Georgia’s preparations for the 2016 football season begin Monday. Of course, there are plenty of questions that exist focusing on what this team will look like by the time Sept. 3 rolls around and the Bulldogs are set to take on North Carolina.
In the meantime, here are five questions, and potential answers, for Georgia heading into the preseason.
How long will it take for a quarterback to separate himself?
Georgia’s quarterback situation is the position battle everyone will be watching closely. A lot of people expect freshman Jacob Eason eventually will win the job, whether it occurs during the preseason or takes a few games in the regular season.
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But what’s missing is the fact that a new coaching staff, featuring one of the best tandems in college football in offensive coordinator Jim Chaney and offensive line coach Sam Pittman, could help elevate both Greyson Lambert and Brice Ramsey’s level of play.
Chaney did wonders with former Tennessee quarterback Jonathan Crompton, who was on track to be a college bust before throwing for 2,800 yards and 27 touchdowns after Chaney began coaching him in 2009. Who’s to say a similar leap doesn’t happen with Lambert or Ramsey, who both have college game experience.
Eason’s arm talent is unmatched on the roster. But a lot more goes into the position than simply being the most talented player. Sure, Eason needs game reps because he’s the future of the program, but don’t write off Lambert or Ramsey just yet.
When will Chubb and Michel first take contact?
Running back Nick Chubb is expected to be full-go in all non-contact work beginning Monday. But when the Bulldogs begin tackling to the ground, how much Chubb is able to do remains to be seen.
Chubb sustained a gruesome knee injury in October on the first play from scrimmage against Tennessee. He sustained a torn PCL, LCL and MCL, as well as cartilage damage. He has done a great job of rehabbing and has come back from the injury sooner than expected.
The same can be applied to Sony Michel, who sustained an open fracture to his left forearm. How he responds to contact will determine his availability early in the season, as well.
Still, being able to withstand contact — to opposing players and the ground — will be key for Chubb and Michel. The first couple of scrimmages also will be telling as to whether Chubb’s knee and Michel’s arm are good to go for the season. If Chubb comes out of the first two scrimmages with little concern, there’s a good chance he’ll be good to go for the season opener against North Carolina. For Michel, it’s still too early to tell given the severity of his July 3 injury.
How much mixing and matching will the defensive line undergo?
Throughout spring practice, the defensive line underwent a lot of different personnel groups. Considering the youth of the line, Georgia still has a ways to go to figure out which players will be best for a starting role.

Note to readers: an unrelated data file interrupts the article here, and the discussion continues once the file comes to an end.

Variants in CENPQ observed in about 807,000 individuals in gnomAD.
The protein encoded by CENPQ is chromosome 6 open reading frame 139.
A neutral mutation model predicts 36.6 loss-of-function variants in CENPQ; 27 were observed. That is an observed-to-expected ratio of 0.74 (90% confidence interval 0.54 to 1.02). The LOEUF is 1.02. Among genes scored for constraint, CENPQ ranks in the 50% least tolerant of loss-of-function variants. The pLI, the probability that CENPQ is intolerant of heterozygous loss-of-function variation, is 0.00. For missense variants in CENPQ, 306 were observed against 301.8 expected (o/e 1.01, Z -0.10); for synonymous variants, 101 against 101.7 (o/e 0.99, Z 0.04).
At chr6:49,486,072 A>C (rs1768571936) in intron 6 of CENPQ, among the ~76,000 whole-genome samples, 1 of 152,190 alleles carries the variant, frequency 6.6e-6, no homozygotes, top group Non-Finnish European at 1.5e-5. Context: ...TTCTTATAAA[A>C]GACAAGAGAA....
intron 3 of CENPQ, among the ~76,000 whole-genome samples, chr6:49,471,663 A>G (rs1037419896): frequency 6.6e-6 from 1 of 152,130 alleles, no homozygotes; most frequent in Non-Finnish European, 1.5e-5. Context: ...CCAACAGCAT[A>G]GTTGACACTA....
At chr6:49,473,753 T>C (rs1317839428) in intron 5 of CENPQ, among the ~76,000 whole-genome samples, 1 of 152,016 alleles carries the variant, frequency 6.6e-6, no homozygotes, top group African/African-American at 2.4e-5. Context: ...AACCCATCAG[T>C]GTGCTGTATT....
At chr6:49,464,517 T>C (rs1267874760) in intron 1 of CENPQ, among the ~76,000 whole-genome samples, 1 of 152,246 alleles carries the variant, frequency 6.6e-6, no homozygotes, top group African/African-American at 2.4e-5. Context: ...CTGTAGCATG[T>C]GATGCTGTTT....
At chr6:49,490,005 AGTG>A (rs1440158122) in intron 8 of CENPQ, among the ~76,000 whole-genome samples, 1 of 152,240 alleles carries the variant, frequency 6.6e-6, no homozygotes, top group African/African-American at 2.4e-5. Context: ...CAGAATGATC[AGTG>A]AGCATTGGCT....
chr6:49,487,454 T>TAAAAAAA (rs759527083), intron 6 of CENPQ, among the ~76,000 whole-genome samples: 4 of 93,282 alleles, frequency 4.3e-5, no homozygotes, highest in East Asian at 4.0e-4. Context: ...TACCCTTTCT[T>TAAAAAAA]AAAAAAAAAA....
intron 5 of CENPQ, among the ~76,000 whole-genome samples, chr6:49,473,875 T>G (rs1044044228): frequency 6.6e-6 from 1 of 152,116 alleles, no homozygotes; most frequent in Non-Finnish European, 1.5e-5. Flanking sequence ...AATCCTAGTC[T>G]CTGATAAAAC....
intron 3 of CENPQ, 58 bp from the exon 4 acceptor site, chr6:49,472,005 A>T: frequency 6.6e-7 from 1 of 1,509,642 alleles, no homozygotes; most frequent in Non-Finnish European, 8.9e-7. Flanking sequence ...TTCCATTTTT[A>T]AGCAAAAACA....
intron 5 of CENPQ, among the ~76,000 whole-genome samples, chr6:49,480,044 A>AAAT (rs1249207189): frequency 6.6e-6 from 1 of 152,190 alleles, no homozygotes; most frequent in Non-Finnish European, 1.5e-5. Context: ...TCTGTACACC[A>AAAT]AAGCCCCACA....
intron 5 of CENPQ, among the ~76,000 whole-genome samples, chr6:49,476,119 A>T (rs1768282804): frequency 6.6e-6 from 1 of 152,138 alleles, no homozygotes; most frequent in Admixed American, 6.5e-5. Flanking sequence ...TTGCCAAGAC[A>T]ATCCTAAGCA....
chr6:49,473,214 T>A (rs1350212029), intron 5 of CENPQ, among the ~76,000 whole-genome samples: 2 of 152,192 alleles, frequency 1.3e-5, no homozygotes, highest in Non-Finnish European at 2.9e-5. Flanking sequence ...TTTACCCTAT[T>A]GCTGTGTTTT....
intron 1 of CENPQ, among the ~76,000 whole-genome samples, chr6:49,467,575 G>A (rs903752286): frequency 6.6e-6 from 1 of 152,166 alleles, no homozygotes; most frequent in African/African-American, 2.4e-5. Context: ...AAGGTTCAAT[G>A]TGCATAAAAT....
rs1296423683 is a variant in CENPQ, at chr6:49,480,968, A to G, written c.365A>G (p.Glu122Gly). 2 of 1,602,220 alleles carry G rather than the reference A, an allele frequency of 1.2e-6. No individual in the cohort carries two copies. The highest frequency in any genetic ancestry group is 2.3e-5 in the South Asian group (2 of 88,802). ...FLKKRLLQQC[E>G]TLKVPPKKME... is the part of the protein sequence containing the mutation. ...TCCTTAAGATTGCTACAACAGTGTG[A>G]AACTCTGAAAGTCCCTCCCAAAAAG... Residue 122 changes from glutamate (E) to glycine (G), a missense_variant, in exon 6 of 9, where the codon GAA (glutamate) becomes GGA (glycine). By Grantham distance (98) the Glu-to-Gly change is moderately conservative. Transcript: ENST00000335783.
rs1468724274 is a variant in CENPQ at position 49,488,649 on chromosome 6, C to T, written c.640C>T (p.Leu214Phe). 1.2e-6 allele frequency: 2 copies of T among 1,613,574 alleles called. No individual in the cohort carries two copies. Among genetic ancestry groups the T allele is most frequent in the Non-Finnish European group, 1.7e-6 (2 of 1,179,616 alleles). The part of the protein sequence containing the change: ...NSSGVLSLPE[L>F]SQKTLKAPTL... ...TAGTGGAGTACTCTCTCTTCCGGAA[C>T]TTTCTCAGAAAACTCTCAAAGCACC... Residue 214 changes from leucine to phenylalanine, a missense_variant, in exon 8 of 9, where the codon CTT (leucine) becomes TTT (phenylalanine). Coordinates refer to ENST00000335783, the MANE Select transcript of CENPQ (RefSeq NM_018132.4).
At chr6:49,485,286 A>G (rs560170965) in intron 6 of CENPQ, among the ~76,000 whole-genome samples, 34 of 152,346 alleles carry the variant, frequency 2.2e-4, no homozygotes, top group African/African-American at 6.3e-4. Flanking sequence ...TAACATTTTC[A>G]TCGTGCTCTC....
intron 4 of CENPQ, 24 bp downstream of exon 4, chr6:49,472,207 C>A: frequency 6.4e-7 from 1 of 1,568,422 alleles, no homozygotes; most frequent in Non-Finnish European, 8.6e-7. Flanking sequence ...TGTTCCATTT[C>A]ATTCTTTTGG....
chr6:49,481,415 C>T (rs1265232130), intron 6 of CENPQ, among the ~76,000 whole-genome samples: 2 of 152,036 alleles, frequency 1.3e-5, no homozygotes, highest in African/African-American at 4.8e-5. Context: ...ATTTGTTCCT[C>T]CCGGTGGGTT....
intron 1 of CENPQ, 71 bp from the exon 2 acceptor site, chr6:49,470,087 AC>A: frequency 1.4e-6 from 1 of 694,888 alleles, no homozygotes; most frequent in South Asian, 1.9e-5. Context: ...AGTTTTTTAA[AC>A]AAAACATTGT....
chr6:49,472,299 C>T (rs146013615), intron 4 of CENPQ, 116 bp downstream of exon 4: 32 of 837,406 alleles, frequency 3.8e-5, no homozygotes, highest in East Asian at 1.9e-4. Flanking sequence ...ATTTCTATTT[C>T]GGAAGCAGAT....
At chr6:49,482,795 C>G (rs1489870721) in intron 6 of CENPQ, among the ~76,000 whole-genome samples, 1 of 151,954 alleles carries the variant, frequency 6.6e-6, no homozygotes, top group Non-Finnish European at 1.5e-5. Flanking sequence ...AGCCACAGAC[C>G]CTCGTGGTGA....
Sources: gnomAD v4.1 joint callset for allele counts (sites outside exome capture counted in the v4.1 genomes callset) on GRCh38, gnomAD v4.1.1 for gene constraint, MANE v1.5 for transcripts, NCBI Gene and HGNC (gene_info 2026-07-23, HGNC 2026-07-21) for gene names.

Making matters more difficult is that Jonathan Ledbetter, suspended for the first two games and possibly more due to a DUI arrest, was in line for a starting job. Instead, he hasn’t been at summer workouts and his standing for preseason practice is up in the air.
Trent Thompson is guaranteed a starting spot. He’s too good to not consistently be in the game. Behind Thompson, junior John Atkins is the one veteran on the roster who’s expected to contribute. Sophomores Michael Barnett and DaQuan Hawkins are expected to play a big role this season, and redshirt freshman Justin Young has a chance to see his first game action.
True freshman Julian Rochester also worked with the first team some during the spring, although his status for the season opener against North Carolina is unknown following an arrest for possessing a weapon on campus (BB gun) and criminal damage to property. Fellow freshmen Michail Carter and Tyler Clark could also factor into the rotation, too.
The Bulldogs are likely to rely on a rotation up front this season. How that works is long from being decided.
Which new receivers have the best chance of playing early?
Sophomore Terry Godwin is in line to be Georgia’s top target in the passing game. Junior Reggie Davis once again will be a deep threat, with Michael Chigbu and Jayson Stanley expected to get more playing time as bigger targets. Isaiah McKenzie certainly will have his name called in the short passing game out of the slot and as a gadget weapon.
Georgia brought in three receivers in the recruiting class of 2016, will each one bringing something different to the table.
Tyler Simmons is a speed player and could work in the slot with McKenzie. Junior college transfer Javon Wims is a possession target who offers mismatches due to his size at 6-foot-4 and 215 pounds.
But Riley Ridley, who enrolled early and got to practice during the spring, has an incredible shot at moving up the depth chart early as a freshman. By the end of the spring, Ridley was working with the top five receivers in practice and came down with a beautiful over-the-shoulder catch at G-Day.
All three new receivers will have a shot at considerable playing time this fall. How they fare in August will help determine how much they get.
What will Hardman’s role as a freshman be?
Mecole Hardman is the only player on Georgia’s roster listed as an athlete. In the long term, Hardman projects to a cornerback, and he’ll start at that position during preseason practice. But Hardman’s athleticism and speed are too much to pass over on offense.
The August practices will be a great time to figure out what Hardman’s role will be early. Georgia’s deep in the secondary with Malkom Parrish, Juwuan Briscoe, Aaron Davis and Rico McGraw all back at cornerback. Whether Hardman can unseat any for a starting spot is too early to tell.
But Hardman, even as a first-year player, has plenty of skill to step in and contribute on offense. But what exactly Georgia has planned has yet to be revealed.